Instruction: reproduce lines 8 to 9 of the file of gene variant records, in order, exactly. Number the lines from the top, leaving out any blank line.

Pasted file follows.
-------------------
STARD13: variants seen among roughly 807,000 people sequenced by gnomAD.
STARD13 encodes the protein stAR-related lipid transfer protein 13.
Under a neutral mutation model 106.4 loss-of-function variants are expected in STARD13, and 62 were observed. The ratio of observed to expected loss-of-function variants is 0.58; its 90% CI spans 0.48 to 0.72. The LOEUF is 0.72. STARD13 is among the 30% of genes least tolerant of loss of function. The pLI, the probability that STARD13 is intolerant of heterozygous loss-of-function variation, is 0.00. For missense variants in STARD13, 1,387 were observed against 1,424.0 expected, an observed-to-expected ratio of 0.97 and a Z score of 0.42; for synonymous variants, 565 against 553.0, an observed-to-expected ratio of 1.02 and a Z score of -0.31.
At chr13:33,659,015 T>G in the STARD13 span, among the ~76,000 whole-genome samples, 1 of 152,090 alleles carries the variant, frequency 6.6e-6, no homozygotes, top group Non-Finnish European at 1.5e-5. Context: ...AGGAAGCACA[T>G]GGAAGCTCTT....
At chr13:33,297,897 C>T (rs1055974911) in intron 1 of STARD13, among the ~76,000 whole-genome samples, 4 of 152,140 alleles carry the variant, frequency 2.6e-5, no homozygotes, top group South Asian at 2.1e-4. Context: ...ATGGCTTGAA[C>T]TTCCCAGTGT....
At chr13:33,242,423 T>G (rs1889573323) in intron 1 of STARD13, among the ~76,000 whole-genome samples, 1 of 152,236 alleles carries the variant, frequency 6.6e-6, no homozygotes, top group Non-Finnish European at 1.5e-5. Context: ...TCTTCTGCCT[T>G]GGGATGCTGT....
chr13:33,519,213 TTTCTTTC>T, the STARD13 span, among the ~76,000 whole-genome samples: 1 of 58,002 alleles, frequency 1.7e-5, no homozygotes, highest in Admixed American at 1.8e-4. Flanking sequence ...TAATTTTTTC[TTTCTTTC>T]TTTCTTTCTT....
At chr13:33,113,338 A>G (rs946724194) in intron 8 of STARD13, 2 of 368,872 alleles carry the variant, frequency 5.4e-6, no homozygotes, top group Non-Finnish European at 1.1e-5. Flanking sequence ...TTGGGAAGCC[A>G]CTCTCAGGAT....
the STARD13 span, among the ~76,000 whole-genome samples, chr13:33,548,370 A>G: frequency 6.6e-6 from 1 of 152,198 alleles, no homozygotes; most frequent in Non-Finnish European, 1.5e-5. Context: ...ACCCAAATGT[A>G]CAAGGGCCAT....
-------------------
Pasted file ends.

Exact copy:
At chr13:33,113,338 A>G (rs946724194) in intron 8 of STARD13, 2 of 368,872 alleles carry the variant, frequency 5.4e-6, no homozygotes, top group Non-Finnish European at 1.1e-5. Flanking sequence ...TTGGGAAGCC[A>G]CTCTCAGGAT....
the STARD13 span, among the ~76,000 whole-genome samples, chr13:33,548,370 A>G: frequency 6.6e-6 from 1 of 152,198 alleles, no homozygotes; most frequent in Non-Finnish European, 1.5e-5. Context: ...ACCCAAATGT[A>G]CAAGGGCCAT....